What was it? “I just com­pletely fell in love,” she says. “I just looked at those eyes and fell in love. He did have a mag­netic voice. He had this per­son­al­ity that drew you in and made you feel spe­cial, in­tel­li­gent, in­ter­est­ing, beau­ti­ful. I don’t know what it was. It was ev­ery­thing with Joe.”

Lucinda was liv­ing in Lon­don but they ended up rent­ing a small cot­tage to­gether “in the mid­dle ground in-be­tween” (in ev­ery sense of the word be­cause Lucinda’s mar­riage to her then hus­band James was, as he told The Lon­don In­de­pen­dent in 2007, “trundling on in that no man’s land of co-ex­is­tence”) while Joe’s re­la­tion­ship with long-term part­ner Gaby Sal­ter was in a sim­i­larly un­happy place.

“Joe was very in­ter­ested in na­ture. He was def­i­nitely a bit of a hip­pie. He wasn’t do­ing mu­sic then. He was still smart­ing for the lack of sup­port for Earth­quake Weather,” Lucinda says re­fer­ring to his 1989 solo al­bum.

The po­lit­i­cal fire­brand of punk was born John Gra­ham Mel­lor in Ankara, Turkey, on Au­gust 21, 1952, the son of a di­plo­mat whose posts in­cluded Cairo, Mex­ico City and Bonn, be­fore Joe was sent to leafy Sur­rey where he was pub­lic-school ed­u­cated at City of Lon­don Freemen’s School at Ashtead. That didn’t stop mid­dle-class Mel­lor, who changed his name to Joe Strum­mer, be­ing the an­gry anti-Thatcher voice of the un­der­class as the re­bel­lious front man of one of the big­gest bands ever to come out of Eng­land, The Clash, who were formed in 1976. Rolling Stone named The Clash’s Lon­don Call­ing record the great­est al­bum of the 1980s; the Amer­i­can mag­a­zine also placed The Clash 28 on the list of the great­est acts of all time.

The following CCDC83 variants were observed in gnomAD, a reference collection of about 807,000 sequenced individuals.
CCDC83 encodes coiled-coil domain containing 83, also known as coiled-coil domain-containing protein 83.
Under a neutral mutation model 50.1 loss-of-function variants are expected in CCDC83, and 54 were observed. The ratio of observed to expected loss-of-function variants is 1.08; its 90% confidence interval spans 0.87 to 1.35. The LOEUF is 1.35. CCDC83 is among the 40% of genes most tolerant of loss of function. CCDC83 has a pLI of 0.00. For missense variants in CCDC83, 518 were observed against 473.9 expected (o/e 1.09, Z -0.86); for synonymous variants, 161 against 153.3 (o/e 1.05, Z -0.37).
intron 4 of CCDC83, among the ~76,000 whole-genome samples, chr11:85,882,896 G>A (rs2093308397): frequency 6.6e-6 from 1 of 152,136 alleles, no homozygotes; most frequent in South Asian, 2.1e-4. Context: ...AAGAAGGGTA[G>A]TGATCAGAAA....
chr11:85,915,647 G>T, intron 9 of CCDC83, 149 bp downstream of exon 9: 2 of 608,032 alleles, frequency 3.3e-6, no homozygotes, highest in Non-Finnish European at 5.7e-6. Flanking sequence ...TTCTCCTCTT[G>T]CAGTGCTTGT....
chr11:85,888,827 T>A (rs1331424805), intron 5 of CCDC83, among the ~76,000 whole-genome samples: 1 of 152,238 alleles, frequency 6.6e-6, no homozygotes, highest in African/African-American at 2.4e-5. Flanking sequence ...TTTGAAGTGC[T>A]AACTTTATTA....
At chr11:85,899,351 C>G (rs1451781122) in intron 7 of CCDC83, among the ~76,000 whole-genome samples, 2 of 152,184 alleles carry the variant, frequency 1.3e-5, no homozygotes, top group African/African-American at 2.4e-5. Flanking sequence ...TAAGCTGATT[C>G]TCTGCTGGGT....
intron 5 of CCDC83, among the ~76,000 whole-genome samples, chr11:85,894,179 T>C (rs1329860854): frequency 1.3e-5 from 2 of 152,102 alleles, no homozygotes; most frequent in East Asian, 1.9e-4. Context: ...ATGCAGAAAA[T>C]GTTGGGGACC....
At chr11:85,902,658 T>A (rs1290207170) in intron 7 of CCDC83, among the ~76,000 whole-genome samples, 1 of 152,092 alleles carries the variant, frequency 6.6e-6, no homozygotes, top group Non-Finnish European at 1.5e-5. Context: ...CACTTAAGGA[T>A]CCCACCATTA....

The messy fi­nal in­car­na­tion of The Clash hav­ing dis­in­te­grated in 1986, he formed Joe Strum­mer and The Mescaleros in 1999. “So mu­sic was not on the agenda at all for the first cou­ple of years we were to­gether. We hung out quite a lot. He was al­ways writ­ing; there just wasn’t the mu­sic to go with it. We were hav­ing fun. He in­tro­duced me to his friends who lived in New York, in LA, in Paris. His cir­cle was never-end­ing,” says Lucinda.

Asked what she learned about Joe from go­ing through his archive, Lucinda says: “I have just grown more and more in love with him — and more in awe of him as I have gone through it, be­cause I have seen the depth of his pas­sion for peo­ple... and his hu­man­ity and his in­cred­i­ble wis­dom in what he has left be­hind. Things that I wrote off as rub­bish, be­cause they took up so much space in the house or be­cause they had a half-eaten sand­wich in them, or what­ever it was, I sud­denly re­alised that each bag rep­re­sented a time. I could see that there was a method in his mad­ness,” she says, adding: “So when he said, ‘Don’t touch any­thing. I know where ev­ery­thing is,’

Lucinda with Joe Strum­mer’s step­daugh­ter El­iza Mel­lor